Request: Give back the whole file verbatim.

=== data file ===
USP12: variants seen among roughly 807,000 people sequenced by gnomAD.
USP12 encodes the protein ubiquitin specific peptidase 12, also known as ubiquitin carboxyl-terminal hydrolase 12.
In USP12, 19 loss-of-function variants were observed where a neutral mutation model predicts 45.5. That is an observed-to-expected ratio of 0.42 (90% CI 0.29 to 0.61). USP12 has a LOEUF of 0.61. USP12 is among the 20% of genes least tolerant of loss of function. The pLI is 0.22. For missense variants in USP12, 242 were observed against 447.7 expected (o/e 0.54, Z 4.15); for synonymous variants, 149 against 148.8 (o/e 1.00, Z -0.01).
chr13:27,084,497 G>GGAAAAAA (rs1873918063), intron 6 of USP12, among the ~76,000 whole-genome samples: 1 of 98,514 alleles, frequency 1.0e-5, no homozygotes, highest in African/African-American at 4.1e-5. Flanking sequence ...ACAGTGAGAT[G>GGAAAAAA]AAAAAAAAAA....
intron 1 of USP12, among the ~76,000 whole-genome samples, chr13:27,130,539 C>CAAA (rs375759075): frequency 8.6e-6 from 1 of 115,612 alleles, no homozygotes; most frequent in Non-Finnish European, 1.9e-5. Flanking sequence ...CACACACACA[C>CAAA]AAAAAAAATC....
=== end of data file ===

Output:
USP12: variants seen among roughly 807,000 people sequenced by gnomAD.
USP12 encodes the protein ubiquitin specific peptidase 12, also known as ubiquitin carboxyl-terminal hydrolase 12.
In USP12, 19 loss-of-function variants were observed where a neutral mutation model predicts 45.5. That is an observed-to-expected ratio of 0.42 (90% CI 0.29 to 0.61). USP12 has a LOEUF of 0.61. USP12 is among the 20% of genes least tolerant of loss of function. The pLI is 0.22. For missense variants in USP12, 242 were observed against 447.7 expected (o/e 0.54, Z 4.15); for synonymous variants, 149 against 148.8 (o/e 1.00, Z -0.01).
chr13:27,084,497 G>GGAAAAAA (rs1873918063), intron 6 of USP12, among the ~76,000 whole-genome samples: 1 of 98,514 alleles, frequency 1.0e-5, no homozygotes, highest in African/African-American at 4.1e-5. Flanking sequence ...ACAGTGAGAT[G>GGAAAAAA]AAAAAAAAAA....
intron 1 of USP12, among the ~76,000 whole-genome samples, chr13:27,130,539 C>CAAA (rs375759075): frequency 8.6e-6 from 1 of 115,612 alleles, no homozygotes; most frequent in Non-Finnish European, 1.9e-5. Flanking sequence ...CACACACACA[C>CAAA]AAAAAAAATC....